Dec. 25, 2009 -- In 1984, 33-year-old Barry Marshall, frustrated by responses to his work, ingested Helicobacter pylori, and soon developed stomach pain, nausea, and vomiting -- all signs of the gastritis he had intended to induce.
"I didn't actually expect to become as ill as I did," he wrote in an autobiography about one of the defining moments of his research, which ultimately led to winning the 2005 Nobel Prize with his now-retired colleague, Robin Warren.
The event followed the publication of two papers in The Lancet in 1983 and 1984. In those articles, Warren and Marshall, now at the University of Western Australia in Perth, described an association between a new bacterium that would eventually be named H. pylori and peptic ulcers, both duodenal and gastric.
Warren and Marshall had become convinced that the bacteria, successfully cultured after being left out inadvertently over a long holiday weekend, were causing the ulcers. But Marshall had met stiff resistance from gastroenterologists around the world when he broached the idea.
Conventional thinking at the time was that ulcers were caused by excess acid in the stomach and that no living organism could live in such an acidic environment. As it turns out, H. pylori produces ammonia to neutralize the area around it.
Dr. Walter Peterson, now a clinical professor at the University of Colorado Denver, was a member of the skeptical majority. He said Marshall called him and his colleagues the "Acid Mafia."
"Barry Marshall came across as a zealot, as opposed to a scientist," he told MedPage Today, describing Marshall as a good friend now.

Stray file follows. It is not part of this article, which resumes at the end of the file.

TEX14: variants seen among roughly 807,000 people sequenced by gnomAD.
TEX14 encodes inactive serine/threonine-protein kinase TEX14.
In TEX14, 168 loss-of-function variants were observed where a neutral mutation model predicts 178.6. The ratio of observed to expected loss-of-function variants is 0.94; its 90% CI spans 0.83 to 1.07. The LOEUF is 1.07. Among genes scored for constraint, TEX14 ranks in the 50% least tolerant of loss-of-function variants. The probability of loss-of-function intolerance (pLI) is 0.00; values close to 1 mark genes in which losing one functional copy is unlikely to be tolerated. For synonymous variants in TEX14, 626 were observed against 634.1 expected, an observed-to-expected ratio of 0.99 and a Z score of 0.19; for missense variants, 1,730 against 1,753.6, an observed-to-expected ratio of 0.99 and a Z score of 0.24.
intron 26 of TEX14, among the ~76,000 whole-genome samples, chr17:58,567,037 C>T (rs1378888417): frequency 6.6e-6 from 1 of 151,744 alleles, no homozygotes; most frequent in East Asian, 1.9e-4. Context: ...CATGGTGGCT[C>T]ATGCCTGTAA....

Marshall wrote in his Nobel Prize autobiography, "I was met with constant criticism that my conclusions were premature and not well supported. When the work was presented, my results were disputed and disbelieved, not on the basis of science but because they simply could not be true."
But a conviction that he was right and a sense of urgency surrounding the importance of reducing the burden of ulcers -- which affected about 10 percent of Americans at some point in life -- led him to famously use himself as an animal model.
"If I was right, then treatment for ulcer disease would be revolutionized. It would be simple, cheap, and it would be a cure," he wrote, using a word often considered taboo when discussing medical research.
After fighting through years of ridicule, Marshall's overzealousness paid off.
"We were wrong, he was right," Peterson said. "And so I couldn't agree more that he got the Nobel Prize."
It's now well established that H. pylori is a major cause of peptic ulcers, with use of non-steroidal anti-inflammatory drugs (NSAIDs) like aspirin, indomethacin, and the non-selective COX inhibitors footing some of the blame.
"Nowadays, we know that most ulcers are caused by disruption in mucosal defense and not by excess acid," Peterson said.
Warren and Marshall's discovery revolutionized the management of peptic ulcer disease, which had been a chronic condition requiring continuous use of medications believed to be induced by poor diet and stress.